Spain should look to US’s HUD in dealing with foreclosures
The strategy employed by the US Department of Housing and Urban Development to deal with real-estate challenges provides a model for Spain, say analysts.
Spain is likely to attract increasing numbers of distressed buyers for commercial and residential mortgage pools as the impact at the banks of the asset quality review stress-tests starts to bite.
“Appetite has been steady from foreign investors since the financial crisis, but it has not been until recently that sellers have been willing to accept lower prices to clear their balance sheets,” says Pablo Cantos, founder of M&A advisory firm MaC Group in Madrid.
“The price correction has reached the bottom – in the last four years no new houses have been constructed in Spain. There just is not enough product, so prices are starting to come back up.”
He adds that the combination of banks being more willing to accept competitive prices together with an improvement in the quality of assets for sale will lead to greater volumes.
“The appetite for loans and mortgages is predominantly from foreign pure value funds to distressed funds, and also interest is being seen from the small and medium-sized family offices in Europe and the Middle East and the US,” says Cantos. “There is some appetite from Spanish family offices, but many of them are suffering from the lack of liquidity.”
In 2013, more than 30 loan deals closed in Spain, including performing and non-performing assets.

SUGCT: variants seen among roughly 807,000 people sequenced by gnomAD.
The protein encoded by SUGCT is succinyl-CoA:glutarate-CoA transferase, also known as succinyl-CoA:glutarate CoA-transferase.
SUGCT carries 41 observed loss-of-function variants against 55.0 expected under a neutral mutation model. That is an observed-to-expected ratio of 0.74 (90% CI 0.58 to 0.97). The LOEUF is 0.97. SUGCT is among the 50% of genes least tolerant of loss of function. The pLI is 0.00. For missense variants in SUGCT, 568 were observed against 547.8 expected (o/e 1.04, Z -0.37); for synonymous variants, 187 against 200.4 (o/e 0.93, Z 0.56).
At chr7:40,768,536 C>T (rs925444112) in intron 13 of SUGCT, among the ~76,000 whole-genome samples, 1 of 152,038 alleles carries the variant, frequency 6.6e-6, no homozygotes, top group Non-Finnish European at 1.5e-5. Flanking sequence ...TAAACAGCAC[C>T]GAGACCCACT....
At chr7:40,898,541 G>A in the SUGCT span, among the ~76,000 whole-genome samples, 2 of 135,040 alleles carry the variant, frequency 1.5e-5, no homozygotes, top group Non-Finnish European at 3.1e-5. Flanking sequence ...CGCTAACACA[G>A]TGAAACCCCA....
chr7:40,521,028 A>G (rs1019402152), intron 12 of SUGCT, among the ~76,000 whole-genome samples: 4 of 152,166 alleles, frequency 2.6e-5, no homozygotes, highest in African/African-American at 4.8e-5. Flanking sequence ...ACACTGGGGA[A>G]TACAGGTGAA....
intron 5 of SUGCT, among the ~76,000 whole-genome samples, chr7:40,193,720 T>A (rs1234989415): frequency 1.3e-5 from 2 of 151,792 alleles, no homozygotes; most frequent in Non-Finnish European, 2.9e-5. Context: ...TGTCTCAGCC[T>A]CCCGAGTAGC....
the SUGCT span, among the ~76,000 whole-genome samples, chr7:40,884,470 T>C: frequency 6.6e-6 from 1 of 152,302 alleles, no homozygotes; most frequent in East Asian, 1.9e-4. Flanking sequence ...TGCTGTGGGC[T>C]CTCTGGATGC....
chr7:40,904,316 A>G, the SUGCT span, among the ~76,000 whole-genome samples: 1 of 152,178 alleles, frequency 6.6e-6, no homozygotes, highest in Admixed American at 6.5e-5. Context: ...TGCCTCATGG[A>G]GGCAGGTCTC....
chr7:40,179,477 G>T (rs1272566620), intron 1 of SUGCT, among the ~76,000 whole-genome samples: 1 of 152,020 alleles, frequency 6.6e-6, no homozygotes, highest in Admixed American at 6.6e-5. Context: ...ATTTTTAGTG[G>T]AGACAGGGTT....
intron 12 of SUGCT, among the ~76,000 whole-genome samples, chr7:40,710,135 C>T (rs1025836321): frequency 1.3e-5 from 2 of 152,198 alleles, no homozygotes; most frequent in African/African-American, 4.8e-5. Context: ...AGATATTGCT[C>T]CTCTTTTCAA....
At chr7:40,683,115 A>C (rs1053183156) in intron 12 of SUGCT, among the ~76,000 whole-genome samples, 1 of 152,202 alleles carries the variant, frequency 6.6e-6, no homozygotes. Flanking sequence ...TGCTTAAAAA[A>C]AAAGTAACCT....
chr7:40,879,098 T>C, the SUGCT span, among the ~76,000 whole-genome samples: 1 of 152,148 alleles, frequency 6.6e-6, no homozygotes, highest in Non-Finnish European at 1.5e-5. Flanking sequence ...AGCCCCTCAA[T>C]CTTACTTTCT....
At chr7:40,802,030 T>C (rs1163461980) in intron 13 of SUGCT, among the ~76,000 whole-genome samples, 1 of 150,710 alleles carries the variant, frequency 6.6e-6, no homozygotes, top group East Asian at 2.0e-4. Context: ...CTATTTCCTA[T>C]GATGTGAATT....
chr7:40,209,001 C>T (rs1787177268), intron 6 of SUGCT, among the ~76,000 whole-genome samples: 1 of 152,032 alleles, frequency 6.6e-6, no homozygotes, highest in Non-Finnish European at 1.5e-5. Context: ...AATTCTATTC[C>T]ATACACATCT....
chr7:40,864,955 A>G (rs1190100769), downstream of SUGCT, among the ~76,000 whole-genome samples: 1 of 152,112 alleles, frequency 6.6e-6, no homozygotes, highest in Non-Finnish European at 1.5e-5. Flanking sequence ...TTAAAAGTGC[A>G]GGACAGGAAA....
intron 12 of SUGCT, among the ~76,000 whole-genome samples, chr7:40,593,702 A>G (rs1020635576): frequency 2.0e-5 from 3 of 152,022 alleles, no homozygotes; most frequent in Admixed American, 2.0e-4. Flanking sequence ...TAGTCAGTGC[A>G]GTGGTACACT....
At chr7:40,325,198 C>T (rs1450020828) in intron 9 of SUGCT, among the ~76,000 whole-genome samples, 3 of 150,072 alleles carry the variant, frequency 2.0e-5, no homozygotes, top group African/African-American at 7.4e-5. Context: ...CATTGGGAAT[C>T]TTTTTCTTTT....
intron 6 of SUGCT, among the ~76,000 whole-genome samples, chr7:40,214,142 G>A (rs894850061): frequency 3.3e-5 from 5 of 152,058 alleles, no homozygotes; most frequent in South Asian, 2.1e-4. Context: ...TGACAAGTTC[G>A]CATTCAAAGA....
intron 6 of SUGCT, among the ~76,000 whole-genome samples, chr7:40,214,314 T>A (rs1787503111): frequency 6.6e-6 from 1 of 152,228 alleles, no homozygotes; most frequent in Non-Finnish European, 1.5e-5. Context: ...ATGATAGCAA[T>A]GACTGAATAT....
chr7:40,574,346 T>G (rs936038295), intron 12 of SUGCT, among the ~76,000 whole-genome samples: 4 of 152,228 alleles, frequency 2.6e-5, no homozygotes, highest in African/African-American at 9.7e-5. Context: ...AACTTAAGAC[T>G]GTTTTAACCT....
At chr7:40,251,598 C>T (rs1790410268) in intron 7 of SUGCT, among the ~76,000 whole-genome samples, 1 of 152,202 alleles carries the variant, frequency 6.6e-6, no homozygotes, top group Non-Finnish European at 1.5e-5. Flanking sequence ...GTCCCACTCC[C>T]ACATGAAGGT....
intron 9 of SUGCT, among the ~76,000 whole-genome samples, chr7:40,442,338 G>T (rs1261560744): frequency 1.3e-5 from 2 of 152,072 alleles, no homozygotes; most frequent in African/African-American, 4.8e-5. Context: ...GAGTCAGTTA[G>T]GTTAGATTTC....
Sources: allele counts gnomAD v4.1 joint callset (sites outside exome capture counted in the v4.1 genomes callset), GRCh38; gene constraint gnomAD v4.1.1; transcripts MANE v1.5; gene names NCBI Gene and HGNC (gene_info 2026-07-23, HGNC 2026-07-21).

Foreign buyers have also been targeting real assets. In July, Blackstone agreed to buy 18 apartment buildings from the city of Madrid, and in August Goldman Sachs and Azora Capital, a Madrid-based private equity firm, outbid Blackstone for 32 social-housing developments, also in Madrid.
Spain’s current situation is reminiscent of that in the US two years ago. Kingsley Greenland, chief executive of loan broker and analytics firm DebtX, reckons the Spanish government should consider the strategy applied by the US Department of Housing and Urban Development (HUD), which sought to move single-family homes off the government balance sheet using private capital, but with limited social impact.
Instead of looking to sell the properties in foreclosure, HUD instead sells the underlying loans before they foreclose.
Blackstone, TPG and Oak Hill have all been funders of private organizations that have purchased such loans from HUD – $20 billion such sales took place in 2013.
Greenland says a programme such as HUD’s would be suitable for Spain’s single-family home market.
“HUD’s programme is exactly what Spain needs,” he says. “This is at a time of unprecedented investor interest in distressed loans. In the 13 years since DebtX has operated its loan marketplace, we’ve never seen more demand for distressed loans in Europe.”
The firm is in the process of selling a €213 million portfolio of non-performing residential and CRE loans for a German institution.